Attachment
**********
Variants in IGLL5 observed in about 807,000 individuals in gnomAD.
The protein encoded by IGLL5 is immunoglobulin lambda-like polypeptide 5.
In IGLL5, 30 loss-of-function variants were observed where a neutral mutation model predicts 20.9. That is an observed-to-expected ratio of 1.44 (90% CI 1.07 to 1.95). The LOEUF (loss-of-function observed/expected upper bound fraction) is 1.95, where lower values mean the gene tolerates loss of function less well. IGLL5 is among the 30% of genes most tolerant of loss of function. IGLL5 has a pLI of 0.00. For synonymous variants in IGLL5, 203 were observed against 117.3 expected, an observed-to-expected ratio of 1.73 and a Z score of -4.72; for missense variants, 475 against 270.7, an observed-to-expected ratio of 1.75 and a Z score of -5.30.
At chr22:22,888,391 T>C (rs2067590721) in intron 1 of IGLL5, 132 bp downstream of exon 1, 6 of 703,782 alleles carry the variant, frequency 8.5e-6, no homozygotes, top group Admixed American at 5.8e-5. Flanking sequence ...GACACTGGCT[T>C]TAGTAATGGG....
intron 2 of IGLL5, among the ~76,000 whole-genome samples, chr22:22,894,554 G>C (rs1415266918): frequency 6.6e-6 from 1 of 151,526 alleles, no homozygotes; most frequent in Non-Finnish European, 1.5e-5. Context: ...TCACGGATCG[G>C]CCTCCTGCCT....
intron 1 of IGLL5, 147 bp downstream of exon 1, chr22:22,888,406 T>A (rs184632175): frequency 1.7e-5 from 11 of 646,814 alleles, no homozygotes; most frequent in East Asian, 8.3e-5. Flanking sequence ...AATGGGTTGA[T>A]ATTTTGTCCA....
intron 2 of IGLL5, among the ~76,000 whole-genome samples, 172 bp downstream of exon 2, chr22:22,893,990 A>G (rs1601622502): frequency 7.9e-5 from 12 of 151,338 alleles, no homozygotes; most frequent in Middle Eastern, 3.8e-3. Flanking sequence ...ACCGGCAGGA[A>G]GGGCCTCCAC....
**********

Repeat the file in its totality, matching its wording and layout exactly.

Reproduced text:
Variants in IGLL5 observed in about 807,000 individuals in gnomAD.
The protein encoded by IGLL5 is immunoglobulin lambda-like polypeptide 5.
In IGLL5, 30 loss-of-function variants were observed where a neutral mutation model predicts 20.9. That is an observed-to-expected ratio of 1.44 (90% CI 1.07 to 1.95). The LOEUF (loss-of-function observed/expected upper bound fraction) is 1.95, where lower values mean the gene tolerates loss of function less well. IGLL5 is among the 30% of genes most tolerant of loss of function. IGLL5 has a pLI of 0.00. For synonymous variants in IGLL5, 203 were observed against 117.3 expected, an observed-to-expected ratio of 1.73 and a Z score of -4.72; for missense variants, 475 against 270.7, an observed-to-expected ratio of 1.75 and a Z score of -5.30.
At chr22:22,888,391 T>C (rs2067590721) in intron 1 of IGLL5, 132 bp downstream of exon 1, 6 of 703,782 alleles carry the variant, frequency 8.5e-6, no homozygotes, top group Admixed American at 5.8e-5. Flanking sequence ...GACACTGGCT[T>C]TAGTAATGGG....
intron 2 of IGLL5, among the ~76,000 whole-genome samples, chr22:22,894,554 G>C (rs1415266918): frequency 6.6e-6 from 1 of 151,526 alleles, no homozygotes; most frequent in Non-Finnish European, 1.5e-5. Context: ...TCACGGATCG[G>C]CCTCCTGCCT....
intron 1 of IGLL5, 147 bp downstream of exon 1, chr22:22,888,406 T>A (rs184632175): frequency 1.7e-5 from 11 of 646,814 alleles, no homozygotes; most frequent in East Asian, 8.3e-5. Flanking sequence ...AATGGGTTGA[T>A]ATTTTGTCCA....
intron 2 of IGLL5, among the ~76,000 whole-genome samples, 172 bp downstream of exon 2, chr22:22,893,990 A>G (rs1601622502): frequency 7.9e-5 from 12 of 151,338 alleles, no homozygotes; most frequent in Middle Eastern, 3.8e-3. Flanking sequence ...ACCGGCAGGA[A>G]GGGCCTCCAC....